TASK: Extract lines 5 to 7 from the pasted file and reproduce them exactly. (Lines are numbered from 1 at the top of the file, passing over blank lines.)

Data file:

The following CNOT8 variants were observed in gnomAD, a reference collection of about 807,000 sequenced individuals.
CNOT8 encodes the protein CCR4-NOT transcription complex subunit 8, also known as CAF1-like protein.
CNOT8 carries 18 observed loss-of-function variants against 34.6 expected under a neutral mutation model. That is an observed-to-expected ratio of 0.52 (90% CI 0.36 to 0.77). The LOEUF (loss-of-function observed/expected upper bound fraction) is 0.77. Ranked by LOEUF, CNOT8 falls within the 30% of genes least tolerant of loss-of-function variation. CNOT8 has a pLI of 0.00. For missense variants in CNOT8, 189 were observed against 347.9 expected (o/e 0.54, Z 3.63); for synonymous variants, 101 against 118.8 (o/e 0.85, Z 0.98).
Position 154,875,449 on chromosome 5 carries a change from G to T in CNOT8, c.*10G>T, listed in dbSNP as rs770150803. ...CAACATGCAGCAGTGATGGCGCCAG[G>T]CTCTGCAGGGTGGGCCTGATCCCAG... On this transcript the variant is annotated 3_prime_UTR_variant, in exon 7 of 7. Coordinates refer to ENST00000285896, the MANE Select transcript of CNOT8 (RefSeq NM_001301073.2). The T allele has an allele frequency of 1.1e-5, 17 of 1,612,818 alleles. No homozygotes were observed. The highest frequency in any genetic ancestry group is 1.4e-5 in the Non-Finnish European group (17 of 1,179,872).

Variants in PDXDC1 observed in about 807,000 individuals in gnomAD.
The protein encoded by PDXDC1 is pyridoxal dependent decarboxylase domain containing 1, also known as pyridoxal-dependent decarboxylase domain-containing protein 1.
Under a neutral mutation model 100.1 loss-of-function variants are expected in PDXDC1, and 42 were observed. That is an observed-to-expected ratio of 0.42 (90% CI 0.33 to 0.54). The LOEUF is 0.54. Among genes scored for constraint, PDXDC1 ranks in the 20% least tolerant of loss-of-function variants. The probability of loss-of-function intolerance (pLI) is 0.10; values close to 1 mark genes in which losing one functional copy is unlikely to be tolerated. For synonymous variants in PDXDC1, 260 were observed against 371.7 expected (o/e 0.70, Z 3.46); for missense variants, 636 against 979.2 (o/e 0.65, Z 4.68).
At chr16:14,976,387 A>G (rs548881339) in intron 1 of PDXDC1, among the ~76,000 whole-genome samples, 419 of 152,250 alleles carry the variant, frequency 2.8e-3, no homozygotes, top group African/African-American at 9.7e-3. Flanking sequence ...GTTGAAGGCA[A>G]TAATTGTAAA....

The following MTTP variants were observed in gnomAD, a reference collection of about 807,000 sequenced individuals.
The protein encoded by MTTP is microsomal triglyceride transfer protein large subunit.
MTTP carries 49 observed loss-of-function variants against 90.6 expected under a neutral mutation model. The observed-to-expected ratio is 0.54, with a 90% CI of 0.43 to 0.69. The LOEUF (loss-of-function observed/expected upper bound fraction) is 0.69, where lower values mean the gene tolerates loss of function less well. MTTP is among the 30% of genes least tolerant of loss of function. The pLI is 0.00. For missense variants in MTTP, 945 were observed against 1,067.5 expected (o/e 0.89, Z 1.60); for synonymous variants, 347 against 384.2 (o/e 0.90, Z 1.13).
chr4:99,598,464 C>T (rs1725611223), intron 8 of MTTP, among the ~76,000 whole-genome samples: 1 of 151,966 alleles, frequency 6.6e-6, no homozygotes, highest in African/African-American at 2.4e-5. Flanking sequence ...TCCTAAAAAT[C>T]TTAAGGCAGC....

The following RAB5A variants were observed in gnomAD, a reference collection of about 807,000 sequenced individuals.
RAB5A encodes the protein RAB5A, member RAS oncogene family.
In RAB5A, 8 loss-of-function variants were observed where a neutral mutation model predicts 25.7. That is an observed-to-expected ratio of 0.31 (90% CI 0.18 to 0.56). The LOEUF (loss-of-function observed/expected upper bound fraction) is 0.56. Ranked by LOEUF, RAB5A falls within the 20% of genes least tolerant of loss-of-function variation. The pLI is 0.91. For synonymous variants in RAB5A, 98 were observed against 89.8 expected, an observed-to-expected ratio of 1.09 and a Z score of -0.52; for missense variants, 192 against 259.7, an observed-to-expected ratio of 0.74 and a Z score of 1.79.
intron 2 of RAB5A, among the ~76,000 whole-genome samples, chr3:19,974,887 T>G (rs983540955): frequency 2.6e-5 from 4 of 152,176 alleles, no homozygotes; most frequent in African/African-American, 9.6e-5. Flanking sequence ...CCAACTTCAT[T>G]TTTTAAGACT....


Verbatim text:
Variants in PDXDC1 observed in about 807,000 individuals in gnomAD.
The protein encoded by PDXDC1 is pyridoxal dependent decarboxylase domain containing 1, also known as pyridoxal-dependent decarboxylase domain-containing protein 1.
Under a neutral mutation model 100.1 loss-of-function variants are expected in PDXDC1, and 42 were observed. That is an observed-to-expected ratio of 0.42 (90% CI 0.33 to 0.54). The LOEUF is 0.54. Among genes scored for constraint, PDXDC1 ranks in the 20% least tolerant of loss-of-function variants. The probability of loss-of-function intolerance (pLI) is 0.10; values close to 1 mark genes in which losing one functional copy is unlikely to be tolerated. For synonymous variants in PDXDC1, 260 were observed against 371.7 expected (o/e 0.70, Z 3.46); for missense variants, 636 against 979.2 (o/e 0.65, Z 4.68).